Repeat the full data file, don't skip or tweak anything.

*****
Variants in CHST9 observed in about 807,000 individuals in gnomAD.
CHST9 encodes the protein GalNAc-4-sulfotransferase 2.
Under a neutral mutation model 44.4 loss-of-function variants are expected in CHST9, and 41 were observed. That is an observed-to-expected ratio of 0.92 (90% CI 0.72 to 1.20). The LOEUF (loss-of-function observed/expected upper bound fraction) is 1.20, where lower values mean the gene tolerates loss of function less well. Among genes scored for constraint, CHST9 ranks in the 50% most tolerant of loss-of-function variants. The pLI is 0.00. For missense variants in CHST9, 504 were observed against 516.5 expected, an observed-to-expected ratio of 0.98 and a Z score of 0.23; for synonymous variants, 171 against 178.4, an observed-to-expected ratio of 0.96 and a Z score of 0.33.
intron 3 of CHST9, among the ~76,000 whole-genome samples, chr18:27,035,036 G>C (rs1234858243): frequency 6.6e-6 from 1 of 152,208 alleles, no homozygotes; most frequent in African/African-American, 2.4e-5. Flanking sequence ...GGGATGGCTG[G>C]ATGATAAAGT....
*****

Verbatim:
Variants in CHST9 observed in about 807,000 individuals in gnomAD.
CHST9 encodes the protein GalNAc-4-sulfotransferase 2.
Under a neutral mutation model 44.4 loss-of-function variants are expected in CHST9, and 41 were observed. That is an observed-to-expected ratio of 0.92 (90% CI 0.72 to 1.20). The LOEUF (loss-of-function observed/expected upper bound fraction) is 1.20, where lower values mean the gene tolerates loss of function less well. Among genes scored for constraint, CHST9 ranks in the 50% most tolerant of loss-of-function variants. The pLI is 0.00. For missense variants in CHST9, 504 were observed against 516.5 expected, an observed-to-expected ratio of 0.98 and a Z score of 0.23; for synonymous variants, 171 against 178.4, an observed-to-expected ratio of 0.96 and a Z score of 0.33.
intron 3 of CHST9, among the ~76,000 whole-genome samples, chr18:27,035,036 G>C (rs1234858243): frequency 6.6e-6 from 1 of 152,208 alleles, no homozygotes; most frequent in African/African-American, 2.4e-5. Flanking sequence ...GGGATGGCTG[G>C]ATGATAAAGT....